Here is the latest round-up of some of the cases at Blackpool Magistrates Court.
Daniel Ashworth, 25, breach of community order
A father who failed to do any payback work or rehabilitation sessions wept in the dock when he realised magistrates were giving him a last chance and he was not going to jail.
Daniel Ashworth and his partner both had medical problems and a number of children to care for so he missed appointments a court was told.
Ashworth, 25, of Branstree Road, Mereside, pleaded guilty to breaching a community order.
He was sentenced to a three-month jail sentence, suspended for a year with up to 25 days rehabilitation to be supervised by the probation service.
Ashworth was warned by presiding magistrate, Ian Robertson, that if he appeared again before them on a similar offence - “next time it will be immediate custody.”
Brian Weatherington, prosecuting for the probation service, said Ashworth had been sentenced to a 12 months community order with up to 20 days rehabilitation and 150 hours unpaid work for the community in April, for offences of assault and damage.
On July 21 he missed a payback work session and on August 1 failed to attend a supervision appointment with his probation officer. Patrick Nelligan, defending, said Ashworth’s partner had been in and out of hospital with a serious medical problem.
They had a number of children and Ashworth helped care for them.
Paul Newburn, 56, indecent assaulting girl under 14, sexually touching girl, 13
A man accused of carrying out sex attacks on two teenage girls has made his first appearance at court.
Paul Newburn, 56, of Waterloo Road, South Shore, faces nine charges of indecently assaulting a girl under the age of 14 and one charge of sexually touching a girl aged 13.
He pleaded not guilty to all the offences which are alleged to have taken place between 1997 and 2011 at Blackpool.
Newburn was bailed to appear at Preston Crown Court on November 1.
James Walton, 48, and Tracey Simmonds, 48, malicious wounding with intent to cause grievous bodily harm
A couple accused of stabbing a man have made their first appearance at court.
James Walton, 48, of Withnell Road, and Tracey Simmonds, 48, of Osborne Road, both of South Shore, are charged with maliciously wounding a man with intent to cause him grievous bodily harm.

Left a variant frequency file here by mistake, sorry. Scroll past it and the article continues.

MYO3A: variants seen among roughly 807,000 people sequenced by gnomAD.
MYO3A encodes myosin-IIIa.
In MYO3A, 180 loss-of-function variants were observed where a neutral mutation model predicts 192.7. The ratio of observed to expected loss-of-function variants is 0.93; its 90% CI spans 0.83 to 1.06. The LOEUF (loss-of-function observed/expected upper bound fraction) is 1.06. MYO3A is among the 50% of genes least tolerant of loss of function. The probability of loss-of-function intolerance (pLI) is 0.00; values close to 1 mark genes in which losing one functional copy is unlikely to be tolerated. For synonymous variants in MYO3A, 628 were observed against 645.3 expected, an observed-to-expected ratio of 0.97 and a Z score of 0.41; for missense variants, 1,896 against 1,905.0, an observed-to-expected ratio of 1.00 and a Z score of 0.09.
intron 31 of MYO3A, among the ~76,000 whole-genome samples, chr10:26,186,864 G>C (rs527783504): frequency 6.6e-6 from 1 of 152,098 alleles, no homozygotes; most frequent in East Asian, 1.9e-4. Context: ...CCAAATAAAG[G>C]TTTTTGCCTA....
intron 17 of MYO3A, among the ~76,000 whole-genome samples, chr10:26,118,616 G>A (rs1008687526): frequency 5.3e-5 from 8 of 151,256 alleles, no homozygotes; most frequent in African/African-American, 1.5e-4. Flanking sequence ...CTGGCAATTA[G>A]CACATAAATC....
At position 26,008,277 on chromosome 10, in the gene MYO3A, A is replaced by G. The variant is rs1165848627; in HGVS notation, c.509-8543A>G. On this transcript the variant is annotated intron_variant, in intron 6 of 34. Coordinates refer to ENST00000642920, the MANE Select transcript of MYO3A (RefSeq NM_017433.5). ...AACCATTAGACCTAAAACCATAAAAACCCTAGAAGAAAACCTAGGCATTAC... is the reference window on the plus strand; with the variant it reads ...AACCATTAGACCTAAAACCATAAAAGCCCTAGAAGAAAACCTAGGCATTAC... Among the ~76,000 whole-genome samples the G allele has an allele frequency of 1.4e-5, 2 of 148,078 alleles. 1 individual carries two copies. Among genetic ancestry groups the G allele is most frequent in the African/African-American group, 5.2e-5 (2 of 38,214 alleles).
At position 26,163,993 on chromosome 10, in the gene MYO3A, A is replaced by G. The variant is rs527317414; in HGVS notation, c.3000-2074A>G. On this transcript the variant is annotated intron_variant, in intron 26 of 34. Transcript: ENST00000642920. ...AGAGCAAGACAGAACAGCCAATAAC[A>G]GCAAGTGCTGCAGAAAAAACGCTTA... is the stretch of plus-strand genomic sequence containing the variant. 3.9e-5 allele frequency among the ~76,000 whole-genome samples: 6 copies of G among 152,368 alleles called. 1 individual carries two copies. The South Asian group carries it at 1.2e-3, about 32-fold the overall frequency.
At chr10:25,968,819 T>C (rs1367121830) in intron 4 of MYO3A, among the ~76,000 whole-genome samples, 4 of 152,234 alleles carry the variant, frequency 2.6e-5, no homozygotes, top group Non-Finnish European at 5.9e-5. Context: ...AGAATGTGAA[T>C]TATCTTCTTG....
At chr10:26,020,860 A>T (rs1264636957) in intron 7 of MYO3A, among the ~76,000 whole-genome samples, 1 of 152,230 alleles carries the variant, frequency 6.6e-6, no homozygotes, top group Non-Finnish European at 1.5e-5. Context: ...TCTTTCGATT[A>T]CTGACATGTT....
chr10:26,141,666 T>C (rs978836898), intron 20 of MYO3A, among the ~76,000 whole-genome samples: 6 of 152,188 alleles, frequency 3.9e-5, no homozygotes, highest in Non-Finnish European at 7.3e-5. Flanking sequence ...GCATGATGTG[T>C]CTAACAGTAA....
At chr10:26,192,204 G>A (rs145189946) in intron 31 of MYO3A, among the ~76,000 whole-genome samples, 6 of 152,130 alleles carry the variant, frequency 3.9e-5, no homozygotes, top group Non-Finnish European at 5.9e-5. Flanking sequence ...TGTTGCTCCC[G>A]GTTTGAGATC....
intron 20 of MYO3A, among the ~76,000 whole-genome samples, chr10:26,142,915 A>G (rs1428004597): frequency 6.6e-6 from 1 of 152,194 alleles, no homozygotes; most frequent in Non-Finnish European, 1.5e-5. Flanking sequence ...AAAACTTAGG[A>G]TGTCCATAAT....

The offence is alleged to have taken place on September 29 in Blackpool.
Prosecutor, Pam Smith, said the case must be heard at crown court.
Defence lawyer, Hugh Pond, who did not apply for bail, said his clients had indicated they would plead not guilty to the offence.
The defendants were remanded in custody to appear at Preston Crown Court on November 1.
Leon Bolger, 24, failing to stop for police, no insurance
Police were forced to chase a driver in St Annes after he refused to stop when requested to by an officer.
Leon Bolger ended up driving along 20mph Bartle Avenue at double the speed limit pursued by a police car with its blue lights and sirens on.
Bolger, 24, of Elgin Place, Grange Park, pleaded guilty to failing to stop for police and driving without insurance.
He was fined £230 with £85 costs plus £30 victims’ surcharge and had eight motoring penalty points put on his driving licence.
Prosecutor, Adrian Hollamby, said Bolger was driving a Renault Megane in St Annes, on September 8, at 6.10pm, when police signalled him to stop as they had received a report he was driving without insurance.
Bolger refused to halt and there was a chase.
Mitch Sarangi, defending, said that the pursuit did not go on for long.
Bolger knew he should have stopped and he had now learned his lesson.
Mary Thornton, 77, drink-driving
A 77-year-old woman accused of drink driving had her case adjourned by magistrates after her lawyer said she was going to stop driving.
Mary Thornton, of Warley Road, Blackpool, is alleged to have driven a Peugeot 206 on the resort’s Devonshire Road in February with 45 micrograms of alcohol in her – 35 is the limit.
Paul Robinson, defending, said his client was in the process of surrendering her driving licence.
The prosecutor said the Crown Prosecution Service was waiting for confirmation the defendant had surrendered her licence.
After this they would consider dropping the prosecution.